Marty Jezer's much-awaited book is on the brink of publication, if it isn't already on the stands. Marty, of course, is known throughout the stuttering community for his clear, intelligent commentary and searching questions on several discussion lists. Marty is a commited pacifist whose conciliatory tone consistently rises above flame battles which remind this writer of scenes from Star Wars. In his book he has applied his great good humor to the story of his lifelong battle with his severe stutter, and has come out the winner.
From a vantage point of middle-aged mellowness, Marty has taken a clear-eyed look at what it means to be a person who stutters and what impact his speech impediment has had on his life. He is neither vindictive nor maudlin. He makes no attempt to hide his avoidances, his denial, or his embarrassment under a cloak of heroism, and yet the real strength of his honesty shows in his unwillingness to blame any individuals or much of society for the difficulties he has experienced, difficulties which are familiar to us all. Marty is no whiner.
The book begins and ends with a description of Marty's participation in an experiment involving a drug that some hoped would alleviate stuttering. For those who have dreamed of a "fluency pill" -- a regular list topic -- these two chapters alone are worth the price of the book. But there is more, much more, to be learned in retracing Marty's path through the minefield of life with a stutter.
Marty's story underscores the oft-made assertion that the only thing that differentiates those who stutter from the general population is the fact that they stutter. Marty's loving, if somewhat competitive, family, his school, his neighborhood, his college, and his original career goals are a model of American life in the 1950's and 1960's. I would like to have seen a closer look at the effects of Marty's stuttering on the people around him, but the young Marty was a remarkably normal kid and by his own confession didn't think about that any more than he absolutely had to.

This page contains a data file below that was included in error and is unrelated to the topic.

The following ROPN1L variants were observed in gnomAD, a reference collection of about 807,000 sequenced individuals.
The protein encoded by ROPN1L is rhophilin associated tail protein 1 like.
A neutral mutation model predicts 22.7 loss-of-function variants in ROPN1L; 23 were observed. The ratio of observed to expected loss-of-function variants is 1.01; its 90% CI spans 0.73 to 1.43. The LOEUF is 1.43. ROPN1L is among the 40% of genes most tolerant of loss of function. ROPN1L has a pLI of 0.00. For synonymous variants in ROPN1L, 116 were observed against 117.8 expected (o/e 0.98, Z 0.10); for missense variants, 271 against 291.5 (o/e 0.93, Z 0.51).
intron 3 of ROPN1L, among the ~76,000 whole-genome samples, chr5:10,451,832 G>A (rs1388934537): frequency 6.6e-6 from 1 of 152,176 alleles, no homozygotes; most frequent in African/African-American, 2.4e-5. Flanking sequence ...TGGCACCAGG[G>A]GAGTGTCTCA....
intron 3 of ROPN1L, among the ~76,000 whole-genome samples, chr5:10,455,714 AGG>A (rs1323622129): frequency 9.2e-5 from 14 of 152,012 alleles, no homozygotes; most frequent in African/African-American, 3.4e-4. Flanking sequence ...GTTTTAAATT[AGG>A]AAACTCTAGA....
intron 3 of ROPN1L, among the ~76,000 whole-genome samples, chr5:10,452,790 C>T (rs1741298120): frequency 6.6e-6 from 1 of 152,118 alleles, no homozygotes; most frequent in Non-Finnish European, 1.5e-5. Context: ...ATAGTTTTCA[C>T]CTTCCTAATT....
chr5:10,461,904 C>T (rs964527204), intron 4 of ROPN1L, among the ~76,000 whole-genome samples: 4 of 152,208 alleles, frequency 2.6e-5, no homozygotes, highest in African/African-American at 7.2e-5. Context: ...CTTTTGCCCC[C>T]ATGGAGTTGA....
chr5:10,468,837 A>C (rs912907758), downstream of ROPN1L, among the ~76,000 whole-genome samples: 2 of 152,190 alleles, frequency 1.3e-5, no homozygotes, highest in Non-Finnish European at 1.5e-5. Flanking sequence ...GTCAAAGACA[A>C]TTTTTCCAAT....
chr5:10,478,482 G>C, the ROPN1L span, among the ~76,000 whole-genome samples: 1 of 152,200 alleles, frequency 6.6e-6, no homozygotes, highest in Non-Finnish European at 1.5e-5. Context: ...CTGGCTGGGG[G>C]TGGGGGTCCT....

There are some wildly funny passages in the book, ones which I think anyone can identify with, whether stutterer or not. The hilarity and pathos of the chapter "An Errant Elbow or an Act of God" is as gripping in its second and third readings as it was when it first appeared in draft on The Stuttering Homepage. And there is a description of a restaurant dinner with his family that made this reader laugh out loud remembering the same kind of conversation around my own parents' table, ten adults and ten monologues only tenuously connected by a most absurd stream-of-consciousness association.
And yet, for all the good humor and, yes, love of life in this book, Marty delineates well the kinds of wrenching doubts and wandering detours that plague the fumbletongued. He holds up a lot of mirrors to others of us who have had to wrestle with the same demon - even though the demon might be smaller and more tractable in its form. It was the little things that grabbed me particularly: Marty's desire to be a funny person, his recitations alone before the mirror and in the shower, a preference in conversation to agree or to summarize rather than to bring up or change topics. The war with the telephone. The desire, indeed, a near compulsion, to write - and the freedom and joy of the written page where words fasten themselves in their ordered rows and meaning is divorced from delivery.